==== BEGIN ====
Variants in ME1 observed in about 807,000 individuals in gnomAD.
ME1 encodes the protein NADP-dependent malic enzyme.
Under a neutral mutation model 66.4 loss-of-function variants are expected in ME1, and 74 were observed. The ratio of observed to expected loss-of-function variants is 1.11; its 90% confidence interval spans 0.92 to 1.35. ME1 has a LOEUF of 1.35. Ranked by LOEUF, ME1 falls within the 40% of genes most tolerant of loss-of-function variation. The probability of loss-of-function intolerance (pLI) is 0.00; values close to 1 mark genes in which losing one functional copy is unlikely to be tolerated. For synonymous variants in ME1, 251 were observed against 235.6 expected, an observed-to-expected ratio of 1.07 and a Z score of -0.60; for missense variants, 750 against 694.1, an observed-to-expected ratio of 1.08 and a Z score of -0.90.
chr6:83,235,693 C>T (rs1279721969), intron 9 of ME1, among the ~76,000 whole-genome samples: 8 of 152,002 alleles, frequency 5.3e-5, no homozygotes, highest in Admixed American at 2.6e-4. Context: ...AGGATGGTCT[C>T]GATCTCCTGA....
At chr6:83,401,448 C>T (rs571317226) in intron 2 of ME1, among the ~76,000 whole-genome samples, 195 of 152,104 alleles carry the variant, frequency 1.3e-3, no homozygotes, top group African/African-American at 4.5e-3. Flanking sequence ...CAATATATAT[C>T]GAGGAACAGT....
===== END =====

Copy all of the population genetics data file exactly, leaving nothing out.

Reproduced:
Variants in ME1 observed in about 807,000 individuals in gnomAD.
ME1 encodes the protein NADP-dependent malic enzyme.
Under a neutral mutation model 66.4 loss-of-function variants are expected in ME1, and 74 were observed. The ratio of observed to expected loss-of-function variants is 1.11; its 90% confidence interval spans 0.92 to 1.35. ME1 has a LOEUF of 1.35. Ranked by LOEUF, ME1 falls within the 40% of genes most tolerant of loss-of-function variation. The probability of loss-of-function intolerance (pLI) is 0.00; values close to 1 mark genes in which losing one functional copy is unlikely to be tolerated. For synonymous variants in ME1, 251 were observed against 235.6 expected, an observed-to-expected ratio of 1.07 and a Z score of -0.60; for missense variants, 750 against 694.1, an observed-to-expected ratio of 1.08 and a Z score of -0.90.
chr6:83,235,693 C>T (rs1279721969), intron 9 of ME1, among the ~76,000 whole-genome samples: 8 of 152,002 alleles, frequency 5.3e-5, no homozygotes, highest in Admixed American at 2.6e-4. Context: ...AGGATGGTCT[C>T]GATCTCCTGA....
At chr6:83,401,448 C>T (rs571317226) in intron 2 of ME1, among the ~76,000 whole-genome samples, 195 of 152,104 alleles carry the variant, frequency 1.3e-3, no homozygotes, top group African/African-American at 4.5e-3. Flanking sequence ...CAATATATAT[C>T]GAGGAACAGT....